[Date Prev][Date Next][Thread Prev][Thread Next][Date Index][Thread Index][Subject Index][Author Index]

Re: paleo jobs Re: Howdy peoples!


Chris Brochu said:
>There are more openings for governor in the U.S every year than for
>vertebrate paleontologist.  And the U.S. has a darned excellent job
>market for vertebrate paleontologists compared with the rest of the
>world.  Prospects improve a little when you include positions for all
>paleontologists, but not by much.
>...There are some nice
>post-doctoral fellowships out there (I have one now), but these are
>temporary, and the knowledge that my current position is not guaranteed
>to be permanent is stressful.  And many universities are starting to
>kill tenure, so permanent positions may be a thing of the past.

    Chris' first point is one the shames of our culture - that academia is
so often underpaid, and under-funded.  I know that I like to have nice
things (grown-up's "toys" - some of them), and that consequently I need a
certain amount of money to live on.   I have a B.S. in Engineering Physics,
and I work as a Computer Consultant.  After my first year working as a
programmer, I had the opportunity to work on a Nuclear Physics project - for
1 year only, Midnight to 9 AM, for 20% less money than I was making.  I
chose to continue with computers, and have been fortunate enough to make a
career out of it.

    However,  Chris second point (as I've edited here), is one that is
becoming relevant to all professions, not just academia.  After I had been
working for my first company for over 4 years, I discovered that they would
not increase my salary to match those of new hires from other companies -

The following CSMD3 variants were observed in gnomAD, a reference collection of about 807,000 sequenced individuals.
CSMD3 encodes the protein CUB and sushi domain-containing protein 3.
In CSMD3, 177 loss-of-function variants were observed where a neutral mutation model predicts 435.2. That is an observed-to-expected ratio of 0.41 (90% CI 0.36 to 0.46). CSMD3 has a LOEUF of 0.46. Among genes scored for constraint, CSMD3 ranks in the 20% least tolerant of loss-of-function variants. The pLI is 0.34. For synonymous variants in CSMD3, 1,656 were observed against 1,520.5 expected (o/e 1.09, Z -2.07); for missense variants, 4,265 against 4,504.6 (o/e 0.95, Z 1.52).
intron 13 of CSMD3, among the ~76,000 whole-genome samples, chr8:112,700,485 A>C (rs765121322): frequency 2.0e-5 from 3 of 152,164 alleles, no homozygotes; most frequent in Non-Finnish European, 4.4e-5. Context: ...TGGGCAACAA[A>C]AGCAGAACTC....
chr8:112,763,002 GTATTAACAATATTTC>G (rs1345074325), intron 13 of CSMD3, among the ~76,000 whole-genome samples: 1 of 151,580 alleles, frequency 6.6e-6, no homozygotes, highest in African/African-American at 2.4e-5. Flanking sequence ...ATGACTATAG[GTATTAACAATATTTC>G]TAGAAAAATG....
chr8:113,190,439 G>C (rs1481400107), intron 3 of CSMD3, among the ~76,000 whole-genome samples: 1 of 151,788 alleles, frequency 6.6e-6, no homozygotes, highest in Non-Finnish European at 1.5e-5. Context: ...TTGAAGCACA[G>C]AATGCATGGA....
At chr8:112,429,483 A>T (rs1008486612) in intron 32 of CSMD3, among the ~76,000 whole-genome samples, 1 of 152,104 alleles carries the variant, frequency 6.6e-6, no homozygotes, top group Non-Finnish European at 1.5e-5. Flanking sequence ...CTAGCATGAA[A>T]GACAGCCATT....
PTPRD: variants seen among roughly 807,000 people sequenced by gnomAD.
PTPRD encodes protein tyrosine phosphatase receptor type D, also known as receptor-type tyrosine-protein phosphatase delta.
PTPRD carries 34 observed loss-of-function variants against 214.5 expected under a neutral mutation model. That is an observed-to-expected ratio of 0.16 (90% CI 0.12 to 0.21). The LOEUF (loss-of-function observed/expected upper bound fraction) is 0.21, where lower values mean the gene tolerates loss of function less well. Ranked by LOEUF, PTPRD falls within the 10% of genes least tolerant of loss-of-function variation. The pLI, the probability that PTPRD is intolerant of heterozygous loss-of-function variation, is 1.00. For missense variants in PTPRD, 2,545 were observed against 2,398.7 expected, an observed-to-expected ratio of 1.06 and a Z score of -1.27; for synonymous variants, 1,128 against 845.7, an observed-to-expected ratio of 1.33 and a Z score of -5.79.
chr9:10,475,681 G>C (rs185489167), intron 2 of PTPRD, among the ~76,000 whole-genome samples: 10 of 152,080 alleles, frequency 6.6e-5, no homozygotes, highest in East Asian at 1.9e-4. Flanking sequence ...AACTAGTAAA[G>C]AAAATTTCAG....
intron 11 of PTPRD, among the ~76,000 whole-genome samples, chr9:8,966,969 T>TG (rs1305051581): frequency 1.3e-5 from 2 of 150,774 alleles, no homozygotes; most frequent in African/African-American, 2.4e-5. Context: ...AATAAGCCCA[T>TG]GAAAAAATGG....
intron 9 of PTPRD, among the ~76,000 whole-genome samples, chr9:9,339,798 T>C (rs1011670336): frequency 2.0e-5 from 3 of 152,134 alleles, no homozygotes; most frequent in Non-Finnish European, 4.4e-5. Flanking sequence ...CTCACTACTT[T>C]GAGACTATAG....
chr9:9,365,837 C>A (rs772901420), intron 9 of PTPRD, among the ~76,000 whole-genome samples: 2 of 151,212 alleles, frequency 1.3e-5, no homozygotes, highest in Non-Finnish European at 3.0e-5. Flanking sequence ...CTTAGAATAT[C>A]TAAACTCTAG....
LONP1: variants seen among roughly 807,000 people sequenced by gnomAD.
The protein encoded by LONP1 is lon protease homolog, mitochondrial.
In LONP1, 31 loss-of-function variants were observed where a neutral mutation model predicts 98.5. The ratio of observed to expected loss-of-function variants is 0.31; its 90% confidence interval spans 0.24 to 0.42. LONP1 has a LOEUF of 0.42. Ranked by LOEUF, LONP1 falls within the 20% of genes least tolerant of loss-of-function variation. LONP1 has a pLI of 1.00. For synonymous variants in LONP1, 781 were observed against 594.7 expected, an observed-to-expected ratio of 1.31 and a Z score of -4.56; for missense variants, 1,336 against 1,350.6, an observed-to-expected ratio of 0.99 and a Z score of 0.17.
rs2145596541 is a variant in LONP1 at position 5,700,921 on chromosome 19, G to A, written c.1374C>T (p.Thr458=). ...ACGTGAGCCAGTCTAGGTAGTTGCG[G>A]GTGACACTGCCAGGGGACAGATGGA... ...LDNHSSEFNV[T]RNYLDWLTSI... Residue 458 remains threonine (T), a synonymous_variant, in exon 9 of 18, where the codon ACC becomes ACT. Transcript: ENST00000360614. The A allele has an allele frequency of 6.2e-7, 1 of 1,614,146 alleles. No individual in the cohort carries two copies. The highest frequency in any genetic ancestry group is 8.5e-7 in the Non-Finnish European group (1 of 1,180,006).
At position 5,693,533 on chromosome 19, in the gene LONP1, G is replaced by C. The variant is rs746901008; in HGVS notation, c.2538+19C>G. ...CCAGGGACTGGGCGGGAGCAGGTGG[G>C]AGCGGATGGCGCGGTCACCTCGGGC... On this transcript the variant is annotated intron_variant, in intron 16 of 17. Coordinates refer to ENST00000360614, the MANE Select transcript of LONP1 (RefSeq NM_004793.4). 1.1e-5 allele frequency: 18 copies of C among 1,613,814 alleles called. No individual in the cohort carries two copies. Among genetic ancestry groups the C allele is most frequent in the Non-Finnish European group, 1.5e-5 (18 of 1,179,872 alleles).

even though I had more experience than them.  I also realized, as the 75+
year old company waltzed its way to bankruptcy, that they wouldn't be around
to help me, and in fact, I would be one of the first to go (as I was only
there for a relatively short time).  I realized that I had to find a way to
make sure that I got paid what I believed I was worth (or something close),
and to not worry about the longevity of a particular company - just make
sure that they can pay their employees and consultants in the short-run.  I
currently live from engagement to engagement, and it can be nerve-racking to
wait for a new one to open up, as your assets dwindle, if the timing is

    The point here, is that no job is permanent - even the ones that you
believe are.  Shoot for having a vocation  - a career, rather than a job.
If you end up like me, doing something you like, but still trying to have a
secondary advocation of paleontology - you should be in good shape  (I just
never seem to have the time and money at the same time to really go out
there and dig dinosaurs - maybe next year  :-) ).

        Allan Edels

(P.S. When I'm on an engagement, I make quite a bit of money, more than the
average consultant - this makes it even more difficult to find new
assignments - but I'm not rich - give me a few more years).